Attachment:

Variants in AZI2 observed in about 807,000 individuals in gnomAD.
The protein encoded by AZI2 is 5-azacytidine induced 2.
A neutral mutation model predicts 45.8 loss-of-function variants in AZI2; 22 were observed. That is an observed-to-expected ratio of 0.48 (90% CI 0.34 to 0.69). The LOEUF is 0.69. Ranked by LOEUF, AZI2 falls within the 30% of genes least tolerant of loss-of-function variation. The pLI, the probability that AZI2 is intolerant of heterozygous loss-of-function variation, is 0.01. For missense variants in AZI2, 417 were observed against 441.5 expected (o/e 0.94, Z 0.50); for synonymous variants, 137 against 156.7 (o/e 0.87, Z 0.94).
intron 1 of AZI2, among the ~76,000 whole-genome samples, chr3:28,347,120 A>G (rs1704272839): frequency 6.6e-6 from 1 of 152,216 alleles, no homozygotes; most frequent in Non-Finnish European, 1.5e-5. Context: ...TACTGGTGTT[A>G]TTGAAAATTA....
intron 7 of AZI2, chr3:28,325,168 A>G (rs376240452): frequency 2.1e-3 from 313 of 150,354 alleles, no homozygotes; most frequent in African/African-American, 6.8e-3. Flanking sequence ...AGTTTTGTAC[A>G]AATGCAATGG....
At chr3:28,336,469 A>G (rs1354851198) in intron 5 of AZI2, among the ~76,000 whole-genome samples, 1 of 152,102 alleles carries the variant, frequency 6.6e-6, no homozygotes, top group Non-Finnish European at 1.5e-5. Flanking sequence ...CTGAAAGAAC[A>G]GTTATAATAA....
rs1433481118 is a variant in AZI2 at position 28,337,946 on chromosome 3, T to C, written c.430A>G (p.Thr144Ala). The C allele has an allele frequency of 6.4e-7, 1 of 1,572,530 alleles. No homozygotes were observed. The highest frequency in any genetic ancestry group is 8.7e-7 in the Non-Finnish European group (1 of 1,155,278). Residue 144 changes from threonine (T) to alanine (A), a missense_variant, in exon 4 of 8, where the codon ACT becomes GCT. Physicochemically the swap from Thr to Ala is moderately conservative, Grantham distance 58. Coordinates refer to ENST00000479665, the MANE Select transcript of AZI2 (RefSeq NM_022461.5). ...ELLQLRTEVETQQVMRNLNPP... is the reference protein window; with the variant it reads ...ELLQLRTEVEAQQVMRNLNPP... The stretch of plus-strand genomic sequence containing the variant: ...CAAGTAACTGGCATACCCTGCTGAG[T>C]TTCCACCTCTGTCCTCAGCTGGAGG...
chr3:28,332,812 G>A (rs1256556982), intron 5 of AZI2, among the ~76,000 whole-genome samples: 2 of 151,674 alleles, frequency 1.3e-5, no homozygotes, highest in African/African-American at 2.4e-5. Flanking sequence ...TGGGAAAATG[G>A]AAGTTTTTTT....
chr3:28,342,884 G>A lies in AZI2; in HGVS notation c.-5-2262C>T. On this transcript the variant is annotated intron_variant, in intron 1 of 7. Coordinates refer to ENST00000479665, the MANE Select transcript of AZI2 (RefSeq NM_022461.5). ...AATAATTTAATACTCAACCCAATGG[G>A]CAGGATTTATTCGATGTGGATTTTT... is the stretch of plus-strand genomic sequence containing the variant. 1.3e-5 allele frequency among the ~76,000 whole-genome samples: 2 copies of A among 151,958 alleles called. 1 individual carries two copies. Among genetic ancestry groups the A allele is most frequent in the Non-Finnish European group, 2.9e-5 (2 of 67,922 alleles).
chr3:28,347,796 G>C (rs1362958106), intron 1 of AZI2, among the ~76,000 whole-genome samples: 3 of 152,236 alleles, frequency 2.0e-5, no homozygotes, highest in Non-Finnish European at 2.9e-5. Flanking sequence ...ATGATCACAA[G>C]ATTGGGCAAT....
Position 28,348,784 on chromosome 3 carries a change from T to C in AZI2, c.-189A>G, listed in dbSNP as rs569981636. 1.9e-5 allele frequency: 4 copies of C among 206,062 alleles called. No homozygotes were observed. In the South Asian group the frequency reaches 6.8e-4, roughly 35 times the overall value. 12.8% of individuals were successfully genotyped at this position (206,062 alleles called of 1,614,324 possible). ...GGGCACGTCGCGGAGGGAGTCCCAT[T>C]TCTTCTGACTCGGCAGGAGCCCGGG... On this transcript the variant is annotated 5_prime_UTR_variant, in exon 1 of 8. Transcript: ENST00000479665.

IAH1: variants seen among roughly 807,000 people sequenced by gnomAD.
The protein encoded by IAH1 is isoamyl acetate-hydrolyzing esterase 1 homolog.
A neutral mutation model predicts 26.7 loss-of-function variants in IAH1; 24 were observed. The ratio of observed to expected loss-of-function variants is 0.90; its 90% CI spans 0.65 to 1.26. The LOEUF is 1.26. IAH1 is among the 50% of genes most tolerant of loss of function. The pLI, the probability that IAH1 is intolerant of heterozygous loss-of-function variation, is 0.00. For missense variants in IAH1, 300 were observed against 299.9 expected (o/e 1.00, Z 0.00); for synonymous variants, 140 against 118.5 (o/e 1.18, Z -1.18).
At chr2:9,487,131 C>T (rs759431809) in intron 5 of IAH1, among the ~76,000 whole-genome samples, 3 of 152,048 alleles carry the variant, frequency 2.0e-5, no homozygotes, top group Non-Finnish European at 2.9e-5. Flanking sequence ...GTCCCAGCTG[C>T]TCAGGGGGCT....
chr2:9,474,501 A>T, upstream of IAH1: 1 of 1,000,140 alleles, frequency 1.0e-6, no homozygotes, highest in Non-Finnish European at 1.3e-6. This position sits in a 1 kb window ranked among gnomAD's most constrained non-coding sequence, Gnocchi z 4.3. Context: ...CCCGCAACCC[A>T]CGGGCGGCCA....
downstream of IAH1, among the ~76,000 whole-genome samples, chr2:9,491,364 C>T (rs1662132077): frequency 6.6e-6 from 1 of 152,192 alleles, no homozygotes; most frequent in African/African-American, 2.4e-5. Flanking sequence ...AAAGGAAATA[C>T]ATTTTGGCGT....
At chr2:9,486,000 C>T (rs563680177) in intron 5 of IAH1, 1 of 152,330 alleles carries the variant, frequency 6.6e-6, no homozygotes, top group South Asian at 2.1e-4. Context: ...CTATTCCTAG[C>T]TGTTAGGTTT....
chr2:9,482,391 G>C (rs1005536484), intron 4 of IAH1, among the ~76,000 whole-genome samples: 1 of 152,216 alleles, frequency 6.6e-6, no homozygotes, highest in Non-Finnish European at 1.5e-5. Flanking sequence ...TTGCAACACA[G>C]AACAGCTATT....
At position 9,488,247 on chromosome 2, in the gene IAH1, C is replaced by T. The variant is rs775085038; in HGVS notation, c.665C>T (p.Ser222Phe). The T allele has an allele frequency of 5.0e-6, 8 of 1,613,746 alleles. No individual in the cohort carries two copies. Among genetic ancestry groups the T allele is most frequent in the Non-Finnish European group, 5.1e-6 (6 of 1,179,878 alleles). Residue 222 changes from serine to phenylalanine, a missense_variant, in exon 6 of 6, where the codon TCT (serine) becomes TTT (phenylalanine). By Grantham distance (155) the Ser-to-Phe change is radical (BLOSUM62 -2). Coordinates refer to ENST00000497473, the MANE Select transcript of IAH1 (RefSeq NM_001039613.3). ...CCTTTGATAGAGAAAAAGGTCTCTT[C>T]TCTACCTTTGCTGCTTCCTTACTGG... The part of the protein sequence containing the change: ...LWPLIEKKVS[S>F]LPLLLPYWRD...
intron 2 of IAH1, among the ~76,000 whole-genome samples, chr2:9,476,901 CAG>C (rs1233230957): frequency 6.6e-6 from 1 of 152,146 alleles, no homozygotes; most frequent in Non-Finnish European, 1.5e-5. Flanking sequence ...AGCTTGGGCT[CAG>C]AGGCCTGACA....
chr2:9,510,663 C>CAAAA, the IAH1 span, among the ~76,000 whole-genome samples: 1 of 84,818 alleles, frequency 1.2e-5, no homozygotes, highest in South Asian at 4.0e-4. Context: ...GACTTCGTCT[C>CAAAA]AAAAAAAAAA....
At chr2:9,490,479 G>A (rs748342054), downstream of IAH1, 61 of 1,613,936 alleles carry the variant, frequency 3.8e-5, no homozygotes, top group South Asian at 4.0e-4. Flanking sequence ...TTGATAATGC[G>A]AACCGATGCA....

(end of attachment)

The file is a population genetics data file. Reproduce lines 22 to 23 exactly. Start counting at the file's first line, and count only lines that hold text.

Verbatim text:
chr2:9,510,663 C>CAAAA, the IAH1 span, among the ~76,000 whole-genome samples: 1 of 84,818 alleles, frequency 1.2e-5, no homozygotes, highest in South Asian at 4.0e-4. Context: ...GACTTCGTCT[C>CAAAA]AAAAAAAAAA....
At chr2:9,490,479 G>A (rs748342054), downstream of IAH1, 61 of 1,613,936 alleles carry the variant, frequency 3.8e-5, no homozygotes, top group South Asian at 4.0e-4. Flanking sequence ...TTGATAATGC[G>A]AACCGATGCA....